An important notice for friends and patrons of the Whippany Railway Museum

Due to the continuing public health concerns and the spread of COVID-19, the Whippany Railway Museum remains CLOSED and has suspended all of its excursion trains until further notice. We are evaluating our options for the 2021 season, and will make those announcements as soon as they become available

DELAWARE, LACKAWANNA & WESTERN RAILROAD

MAIL STORAGE CAR #2037

 Lackawanna Mail Storage Car #2037

Intercity passenger trains impacted a railroad's bottom line beyond the number of passengers which were carried.A significant amount of revenue could be earned by carrying U.S. Mail, packages and other time sensitive commodities on those trains. To meet those needs most railroads rostered an array of baggage, mail storage and other express cars which could usually be seen at the head end of most long-distance passenger trains.

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A Louisville & Nashville Railroad train takes on mail and express at a northern Florida station stop in 1940. Photo Credit: Library of Congress, Prints & Photographs Division, FSA/OWI Collection, [LC-USF34-054163-E]

 SteamtownNHS GlassPlateNegativeB1963PassengerTrainWithWoodenExpressCar1914

An east bound Lackawanna passenger train with an express car of wood construction at Goldsboro, Pa., in 1914. Photo Credit: Steamtown NHP Archives - Watson B. Bunnell, photographer. 

SteamtownNHS GlassPlateNegativeB2183BaggageExpressCar2009
Delaware, Lackawanna & Western #2009 was among the first all-steel construction baggage-express cars ordered by the railroad. Photo Credit: Steamtown NHP Archives - Watson B. Bunnell, photographer.

Originally railroad rolling stock was constructed of wood. Around 1910 railroads adopted all steel construction as the standard for new passenger train equipment. The Lackawanna ordered its first ten all steel Baggage-Express cars in 1910 and placed orders for two dozen more over the next decade. By the mid-1920's the railroad decided to scrap all of its remaining wood construction baggage car fleet. A total of 75 new cars were ordered with the Museum's car, #2037, arriving in the first group of 30 ordered in 1925.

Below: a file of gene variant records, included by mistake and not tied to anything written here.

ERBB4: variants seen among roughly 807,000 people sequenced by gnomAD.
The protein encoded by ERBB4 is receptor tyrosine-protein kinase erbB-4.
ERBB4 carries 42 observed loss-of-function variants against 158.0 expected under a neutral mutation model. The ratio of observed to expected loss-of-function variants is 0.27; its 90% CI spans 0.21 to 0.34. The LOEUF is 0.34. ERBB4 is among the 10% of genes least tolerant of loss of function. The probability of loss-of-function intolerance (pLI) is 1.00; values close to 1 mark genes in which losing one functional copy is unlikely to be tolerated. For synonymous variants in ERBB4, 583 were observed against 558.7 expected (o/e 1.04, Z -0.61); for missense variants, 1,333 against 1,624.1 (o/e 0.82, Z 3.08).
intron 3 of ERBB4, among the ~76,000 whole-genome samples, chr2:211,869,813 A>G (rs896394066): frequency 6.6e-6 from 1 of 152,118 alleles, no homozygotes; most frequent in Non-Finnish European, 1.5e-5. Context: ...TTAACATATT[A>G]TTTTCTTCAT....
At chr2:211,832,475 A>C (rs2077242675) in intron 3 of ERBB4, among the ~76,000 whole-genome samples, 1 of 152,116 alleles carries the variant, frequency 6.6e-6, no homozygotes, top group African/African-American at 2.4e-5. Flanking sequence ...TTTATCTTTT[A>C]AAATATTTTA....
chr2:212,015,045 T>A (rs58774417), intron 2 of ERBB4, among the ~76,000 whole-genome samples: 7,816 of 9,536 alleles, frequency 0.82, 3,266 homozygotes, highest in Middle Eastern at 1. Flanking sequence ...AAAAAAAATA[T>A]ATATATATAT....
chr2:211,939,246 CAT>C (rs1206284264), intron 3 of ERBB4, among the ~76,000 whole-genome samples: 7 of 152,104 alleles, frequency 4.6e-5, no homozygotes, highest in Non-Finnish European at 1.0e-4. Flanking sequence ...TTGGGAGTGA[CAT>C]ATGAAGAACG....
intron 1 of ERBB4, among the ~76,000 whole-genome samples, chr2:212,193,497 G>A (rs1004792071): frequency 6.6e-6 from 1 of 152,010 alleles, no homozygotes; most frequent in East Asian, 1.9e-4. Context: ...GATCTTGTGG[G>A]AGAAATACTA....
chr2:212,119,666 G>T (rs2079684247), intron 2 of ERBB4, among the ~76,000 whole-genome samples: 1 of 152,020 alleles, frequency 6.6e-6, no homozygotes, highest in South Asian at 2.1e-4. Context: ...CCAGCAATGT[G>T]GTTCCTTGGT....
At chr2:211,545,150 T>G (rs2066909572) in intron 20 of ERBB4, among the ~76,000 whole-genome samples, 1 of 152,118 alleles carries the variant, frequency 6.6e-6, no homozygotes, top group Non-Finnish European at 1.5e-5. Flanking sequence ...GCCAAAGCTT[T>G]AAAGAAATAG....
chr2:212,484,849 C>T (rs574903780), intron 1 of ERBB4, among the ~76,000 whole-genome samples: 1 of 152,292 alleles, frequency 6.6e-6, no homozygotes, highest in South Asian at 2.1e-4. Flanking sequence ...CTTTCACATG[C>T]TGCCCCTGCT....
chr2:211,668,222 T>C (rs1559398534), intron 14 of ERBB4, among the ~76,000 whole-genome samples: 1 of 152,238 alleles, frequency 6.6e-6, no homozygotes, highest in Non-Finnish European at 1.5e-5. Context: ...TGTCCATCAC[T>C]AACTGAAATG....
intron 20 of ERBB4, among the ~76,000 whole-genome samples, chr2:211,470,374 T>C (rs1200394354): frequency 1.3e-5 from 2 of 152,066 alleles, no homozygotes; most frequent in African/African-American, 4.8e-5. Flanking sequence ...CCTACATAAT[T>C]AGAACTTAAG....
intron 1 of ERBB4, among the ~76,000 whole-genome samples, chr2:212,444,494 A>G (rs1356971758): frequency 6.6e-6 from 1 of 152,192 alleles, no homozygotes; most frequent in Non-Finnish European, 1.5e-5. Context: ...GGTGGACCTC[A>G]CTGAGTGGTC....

This group of cars was built by Pressed Steel Car Company and were numbered #2035 to #2064. They were 60 feet long, weighed 110,000 pounds and rode on 4-wheel trucks. Each side had two doors, one seven feet wide and the other four and a half feet. The cars were delivered in the standard Lackawanna passenger car paint scheme of dark green sides with yellow lettering.

Diagram for the EL 400-429 Series Mail Storage Cars from the 1966 EL Passenger Equipment Diagram Book

These cars were designated Class MR, mail storage, and roamed the entire system. While documentary evidence of specific assignments is very rare, this particular car was recorded in June 1950 in the consist of the “Interstate Express”, a joint Reading Railroad-Central Railroad of Jersey-Lackawanna Railroad train which operated between Philadelphia, Pa., and Binghamton, N.Y.

When the Lackawanna introduced its new lightweight train “Phoebe Snow” in 1949, it adopted the grey, maroon and yellow worn by its freight diesel locomotives as the paint scheme for all of the railroad's new passenger train equipment.

 DLWPostcard PhoebeSnowatDelawareWaterGapPAadjusted